Weeds And Pests

How True is it that Ladybugs Bite



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"How True is it that Ladybugs Bite"
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Have you ever been bitten by a ladybug?

Do ladybugs bite? The simple answer is no. Domestic ladybugs, or lady beetles, do not bite. But, multicolored Asian lady beetles, which closely resemble and are in the same species as our beloved domestic ladybug, do. So, how did the Asian Lady Beetle get here, what are its benefits, how do you distinguish it from the domestic lady beetle, and why does it bite?

The Asian lady beetle is native to northeast Asia. In 1916, the U.S. Department of Agriculture introduced the Asian lady beetle to California to control aphids on pecan trees. Today, due to accidental transport, deliberate release, or natural migration, the Asian lady beetle can now be found throughout the United States.

The Asian lady beetle is very effective is controlling soft-bodied pests found in agricultural and garden settings. Soybean crops, specifically, benefit greatly from their existence. Mature Asian lady beetles and their larvae can each consume hundreds of sap-sucking aphids daily, proving their worth as a natural predator.

In contrast, the Asian lady beetle is also commonly considered a nuisance, especially when they invade our homes, stain our clothes and yes, even bite us. To the untrained eye, the Asian lady beetle and the domestic ladybug appear identical. Yet, the Asian lady beetle differs in appearance from the domestic ladybug in one important way. Viewing from above, on the section of the beetle that separates its tiny head from its winged area, there is a distinguishing marking which looks like the letter "M." Domestic ladybugs do not have this characteristic.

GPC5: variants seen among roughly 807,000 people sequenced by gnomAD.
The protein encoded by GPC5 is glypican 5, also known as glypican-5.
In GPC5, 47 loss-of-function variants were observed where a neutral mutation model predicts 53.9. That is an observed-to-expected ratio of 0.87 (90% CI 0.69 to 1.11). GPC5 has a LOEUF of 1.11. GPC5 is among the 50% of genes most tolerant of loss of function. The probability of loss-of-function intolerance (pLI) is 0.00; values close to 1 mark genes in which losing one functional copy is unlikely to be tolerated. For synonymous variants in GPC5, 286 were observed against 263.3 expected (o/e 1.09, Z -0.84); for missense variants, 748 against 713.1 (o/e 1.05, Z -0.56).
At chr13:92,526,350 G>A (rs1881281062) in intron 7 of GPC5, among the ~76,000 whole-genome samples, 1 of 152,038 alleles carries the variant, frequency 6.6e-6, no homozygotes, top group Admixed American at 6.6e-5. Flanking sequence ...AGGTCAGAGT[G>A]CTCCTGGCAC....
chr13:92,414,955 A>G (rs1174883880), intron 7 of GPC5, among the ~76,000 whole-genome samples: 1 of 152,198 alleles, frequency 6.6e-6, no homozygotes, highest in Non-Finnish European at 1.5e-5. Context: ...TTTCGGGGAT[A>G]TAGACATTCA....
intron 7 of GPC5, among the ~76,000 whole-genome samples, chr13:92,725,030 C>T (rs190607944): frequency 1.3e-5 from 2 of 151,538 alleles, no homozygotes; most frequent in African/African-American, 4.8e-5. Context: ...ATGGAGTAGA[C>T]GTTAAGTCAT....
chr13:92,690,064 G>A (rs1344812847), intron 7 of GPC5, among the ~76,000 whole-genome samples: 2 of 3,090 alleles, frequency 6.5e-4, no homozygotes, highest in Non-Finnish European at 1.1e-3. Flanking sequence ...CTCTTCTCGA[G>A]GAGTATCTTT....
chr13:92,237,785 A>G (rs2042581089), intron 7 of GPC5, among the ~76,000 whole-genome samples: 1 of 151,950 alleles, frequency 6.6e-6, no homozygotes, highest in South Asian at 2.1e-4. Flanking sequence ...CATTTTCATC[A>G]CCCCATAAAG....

Okay, so it's not a ladybug and in fact an Asian lady beetle. Why do they bite?

When Asian lady beetles land on your skin to explore for moisture or food, you may experience what feels like a bite. Most Asian lady beetles do not bite. However, they do have spurs on the back of their legs that can cause a poking, pricking sensation as they scout for a meal. There is no known toxin or disease associated with this activity, but you may encounter some swelling or minor pain if you are particularly sensitive.

So next time you are bitten, don't blame the innocent ladybug. It's her evil twin, the Asian lady beetle.

 

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